Inspector Banks needs no introduction to crime aficionados,
and I've been following his cases since coming across IN A
DRY SEASON years ago. Writing 22 full-length
novels is a tribute to any author's creativity and
strength, and the series has allowed for development of not
only the characters but the countryside. IN THE DARK
PLACES is the latest Lake District detective story in Peter
Robinson's superlative DCI Banks series.
Annie Cabbot is now a detective inspector, and she
checks out a stolen, expensive tractor. Farm vehicle theft
is an international crime, but local lookouts are an
integral part of the thieves' operations. Banks opts to
chase a bloodstain found by a dog-walker in an abandoned
RAF hangar. We see two sides of Yorkshire - and the
families sundered by unwillingness to coax a living from
the unforgiving land. Dilapidated, damp farmhouses and muck
don't make a desirable living environment, but having left,
the young people end up in unwelcoming tower blocks outside
Eastvale, struggling to support themselves while pursuing
careers like tourism or photography.
Annie worries that she is turning into a cynical, sharp-
tongued person, her life experience and loneliness
combining to make her unattractive as a date. This is
amusing considering Jassminder the crime scene analyst
spends her life cheerfully talking about DNA traces in
blood and bone fragments. DS Winsome Jackman is growing in
strength with every case. Meanwhile, Banks has found
happiness with the Italian lady in his life.
The hallmark of a DCI Banks book is steady, thorough
policing. A suspect is absent from a caravan park, but his
caravan burns down overnight. This tells the police they
are close to something major, and vicious people are
involved. Vicious enough to threaten a young mother with
harm to her son if she talks. At the same time as procedure
is being followed, little human touches appear; frayed
cuffs on a woman or a former soldier with a serious limp.
My only query is how often in crime books men are said to
use hairbrushes when a DNA sample is required. I have never
known a man to buy or use a hairbrush, and these days men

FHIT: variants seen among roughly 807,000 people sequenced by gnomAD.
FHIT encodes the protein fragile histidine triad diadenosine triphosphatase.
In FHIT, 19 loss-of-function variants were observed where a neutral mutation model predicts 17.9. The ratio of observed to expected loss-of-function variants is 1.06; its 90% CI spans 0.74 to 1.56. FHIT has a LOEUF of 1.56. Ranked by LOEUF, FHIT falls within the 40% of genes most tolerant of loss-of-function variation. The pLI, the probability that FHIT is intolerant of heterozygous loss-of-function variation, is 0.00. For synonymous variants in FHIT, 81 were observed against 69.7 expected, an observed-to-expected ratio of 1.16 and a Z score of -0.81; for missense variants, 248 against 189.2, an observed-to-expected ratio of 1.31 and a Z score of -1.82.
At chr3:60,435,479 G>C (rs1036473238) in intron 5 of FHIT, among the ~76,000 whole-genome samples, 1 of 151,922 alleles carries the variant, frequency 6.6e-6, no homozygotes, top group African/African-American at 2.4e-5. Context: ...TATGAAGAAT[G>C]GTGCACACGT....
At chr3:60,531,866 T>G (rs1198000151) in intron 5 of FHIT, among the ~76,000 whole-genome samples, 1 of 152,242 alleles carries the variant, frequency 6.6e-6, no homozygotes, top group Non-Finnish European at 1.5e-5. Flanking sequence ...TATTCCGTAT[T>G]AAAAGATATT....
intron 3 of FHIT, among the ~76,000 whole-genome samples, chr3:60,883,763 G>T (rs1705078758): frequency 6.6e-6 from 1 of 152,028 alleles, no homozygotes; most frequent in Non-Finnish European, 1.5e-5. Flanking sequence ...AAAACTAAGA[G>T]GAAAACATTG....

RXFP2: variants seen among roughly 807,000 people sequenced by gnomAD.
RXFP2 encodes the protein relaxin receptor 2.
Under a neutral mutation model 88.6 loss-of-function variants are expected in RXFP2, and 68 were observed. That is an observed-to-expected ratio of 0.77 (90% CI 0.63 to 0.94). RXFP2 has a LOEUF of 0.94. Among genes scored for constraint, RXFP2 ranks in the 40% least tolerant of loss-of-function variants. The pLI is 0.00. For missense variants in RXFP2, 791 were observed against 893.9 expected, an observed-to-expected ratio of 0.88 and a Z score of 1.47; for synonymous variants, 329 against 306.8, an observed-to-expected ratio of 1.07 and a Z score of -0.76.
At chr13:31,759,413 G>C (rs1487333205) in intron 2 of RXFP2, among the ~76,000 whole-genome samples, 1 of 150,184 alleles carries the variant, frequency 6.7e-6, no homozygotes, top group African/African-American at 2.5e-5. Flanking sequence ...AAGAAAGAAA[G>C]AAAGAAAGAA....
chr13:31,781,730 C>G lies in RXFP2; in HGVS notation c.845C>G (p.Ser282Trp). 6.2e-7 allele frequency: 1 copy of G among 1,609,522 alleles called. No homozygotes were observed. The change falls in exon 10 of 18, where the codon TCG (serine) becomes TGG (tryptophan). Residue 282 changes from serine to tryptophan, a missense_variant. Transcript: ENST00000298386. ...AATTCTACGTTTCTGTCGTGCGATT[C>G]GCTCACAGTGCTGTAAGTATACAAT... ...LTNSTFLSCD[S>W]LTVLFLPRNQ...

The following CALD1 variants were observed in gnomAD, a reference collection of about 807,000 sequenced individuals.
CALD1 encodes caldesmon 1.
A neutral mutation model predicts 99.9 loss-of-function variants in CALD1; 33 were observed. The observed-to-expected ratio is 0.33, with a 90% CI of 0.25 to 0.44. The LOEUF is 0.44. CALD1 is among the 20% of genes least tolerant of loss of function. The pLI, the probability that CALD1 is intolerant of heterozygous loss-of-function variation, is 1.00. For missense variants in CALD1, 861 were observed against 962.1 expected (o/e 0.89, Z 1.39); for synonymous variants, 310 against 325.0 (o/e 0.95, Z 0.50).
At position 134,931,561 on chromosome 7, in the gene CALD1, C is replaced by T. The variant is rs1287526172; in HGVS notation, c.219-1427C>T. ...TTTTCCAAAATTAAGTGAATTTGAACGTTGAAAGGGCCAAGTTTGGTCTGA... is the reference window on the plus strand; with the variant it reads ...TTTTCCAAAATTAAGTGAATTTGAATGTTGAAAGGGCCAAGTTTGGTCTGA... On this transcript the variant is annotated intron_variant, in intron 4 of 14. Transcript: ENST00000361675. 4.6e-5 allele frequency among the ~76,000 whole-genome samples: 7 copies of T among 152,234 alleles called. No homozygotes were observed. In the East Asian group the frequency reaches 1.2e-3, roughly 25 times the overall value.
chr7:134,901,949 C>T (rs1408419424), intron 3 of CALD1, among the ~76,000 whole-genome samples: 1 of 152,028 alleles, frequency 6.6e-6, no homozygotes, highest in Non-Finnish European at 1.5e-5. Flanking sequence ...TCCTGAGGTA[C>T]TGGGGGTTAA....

often have close-cropped hair not even requiring a plastic
With the shattered economy, plus the war on drunk-
driving, the village pub is suffering. The black economy
though is thriving, and those mixed up with this juggernaut
may vanish, or be found dead IN THE DARK PLACES. Peter
Robinson, who lives in Canada, has made this bleak, snowy,
beautiful Yorkshire his own, and while Banks may be feeling
his age, the crime stories are as fresh as ever.
Louise Penny calls IN THE DARK PLACES "brilliant."
Tess Gerritsen says it's "thrilling." And Michael
Peter Robinson as "amazing." One of the world's greatest
suspense writers returns with this sensational new novel
Inspector Alan Banks, hailed by Michael Connelly as "a
man for all seasons."
It's a double mystery: Two young men have vanished, and
the investigation leads to two troubling clues in two
As Banks and his team scramble for answers, the inquiry
takes an even darker turn when a truck careens off an icy
road in a
freak hailstorm. In the wreckage, rescuers find the
driver, who was killed on impact, as well as another body
—a body that was
dead well before the crash.
Snow falls. The body count rises. And Banks, perceptive
and curious as ever, feels himself being drawn deeper
into a web of
crime, and at its center something—or someone—dark and
dangerous lying in wait.
Vibrating with tension, ingeniously plotted, and
filled with soul and poignancy, IN THE DARK PLACES is a
achievement from this masterful talent.